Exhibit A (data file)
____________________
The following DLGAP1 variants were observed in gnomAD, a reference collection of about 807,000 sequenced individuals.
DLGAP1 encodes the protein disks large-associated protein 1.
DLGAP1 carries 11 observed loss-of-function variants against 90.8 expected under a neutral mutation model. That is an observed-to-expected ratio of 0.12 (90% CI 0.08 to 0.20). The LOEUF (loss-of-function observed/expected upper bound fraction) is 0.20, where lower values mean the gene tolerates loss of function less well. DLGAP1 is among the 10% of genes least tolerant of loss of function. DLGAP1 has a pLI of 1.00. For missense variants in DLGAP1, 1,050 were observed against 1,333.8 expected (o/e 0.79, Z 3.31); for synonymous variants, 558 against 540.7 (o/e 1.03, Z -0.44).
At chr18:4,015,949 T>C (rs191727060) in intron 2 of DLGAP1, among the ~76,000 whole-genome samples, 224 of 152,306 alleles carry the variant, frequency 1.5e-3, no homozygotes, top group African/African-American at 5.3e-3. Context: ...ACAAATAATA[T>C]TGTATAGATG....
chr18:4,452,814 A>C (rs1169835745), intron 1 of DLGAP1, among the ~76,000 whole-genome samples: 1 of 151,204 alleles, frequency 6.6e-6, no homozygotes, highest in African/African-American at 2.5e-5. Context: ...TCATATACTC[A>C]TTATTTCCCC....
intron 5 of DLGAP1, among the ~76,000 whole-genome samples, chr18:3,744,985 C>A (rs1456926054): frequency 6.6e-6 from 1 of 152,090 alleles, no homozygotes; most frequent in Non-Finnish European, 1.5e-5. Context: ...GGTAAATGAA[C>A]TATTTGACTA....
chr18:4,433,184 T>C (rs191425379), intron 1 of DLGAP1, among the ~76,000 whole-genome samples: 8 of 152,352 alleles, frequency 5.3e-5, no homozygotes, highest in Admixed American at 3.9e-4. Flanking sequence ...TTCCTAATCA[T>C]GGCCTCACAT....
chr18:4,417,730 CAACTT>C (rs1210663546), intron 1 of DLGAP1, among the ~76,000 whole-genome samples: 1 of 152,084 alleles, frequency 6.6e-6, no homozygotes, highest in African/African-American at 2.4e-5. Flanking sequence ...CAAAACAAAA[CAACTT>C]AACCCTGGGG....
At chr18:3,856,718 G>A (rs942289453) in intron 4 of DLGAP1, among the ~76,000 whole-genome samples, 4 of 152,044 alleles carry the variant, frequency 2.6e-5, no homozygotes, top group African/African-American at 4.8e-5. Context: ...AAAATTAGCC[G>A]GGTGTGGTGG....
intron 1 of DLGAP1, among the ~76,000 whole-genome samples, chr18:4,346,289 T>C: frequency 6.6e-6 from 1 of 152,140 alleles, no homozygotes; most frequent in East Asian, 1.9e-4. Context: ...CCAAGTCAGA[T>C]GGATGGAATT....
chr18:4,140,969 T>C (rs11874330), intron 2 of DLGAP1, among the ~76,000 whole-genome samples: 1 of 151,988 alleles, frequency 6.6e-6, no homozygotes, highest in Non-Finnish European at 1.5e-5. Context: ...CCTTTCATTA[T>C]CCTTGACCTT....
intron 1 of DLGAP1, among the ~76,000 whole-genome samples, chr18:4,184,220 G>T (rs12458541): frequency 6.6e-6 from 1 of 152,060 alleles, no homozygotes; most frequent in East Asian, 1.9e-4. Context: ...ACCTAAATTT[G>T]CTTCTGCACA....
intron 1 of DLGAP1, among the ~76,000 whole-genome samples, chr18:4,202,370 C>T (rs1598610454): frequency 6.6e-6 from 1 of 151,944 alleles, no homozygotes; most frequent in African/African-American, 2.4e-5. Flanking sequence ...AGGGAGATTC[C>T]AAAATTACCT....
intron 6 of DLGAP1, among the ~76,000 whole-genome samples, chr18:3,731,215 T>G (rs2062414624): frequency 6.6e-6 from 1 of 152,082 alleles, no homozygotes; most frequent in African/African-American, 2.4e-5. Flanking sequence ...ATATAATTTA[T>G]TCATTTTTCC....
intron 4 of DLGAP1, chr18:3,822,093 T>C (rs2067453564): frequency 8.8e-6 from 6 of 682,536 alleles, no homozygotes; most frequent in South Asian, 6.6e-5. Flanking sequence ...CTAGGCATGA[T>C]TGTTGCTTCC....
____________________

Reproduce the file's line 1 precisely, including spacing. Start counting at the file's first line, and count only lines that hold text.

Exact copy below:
The following DLGAP1 variants were observed in gnomAD, a reference collection of about 807,000 sequenced individuals.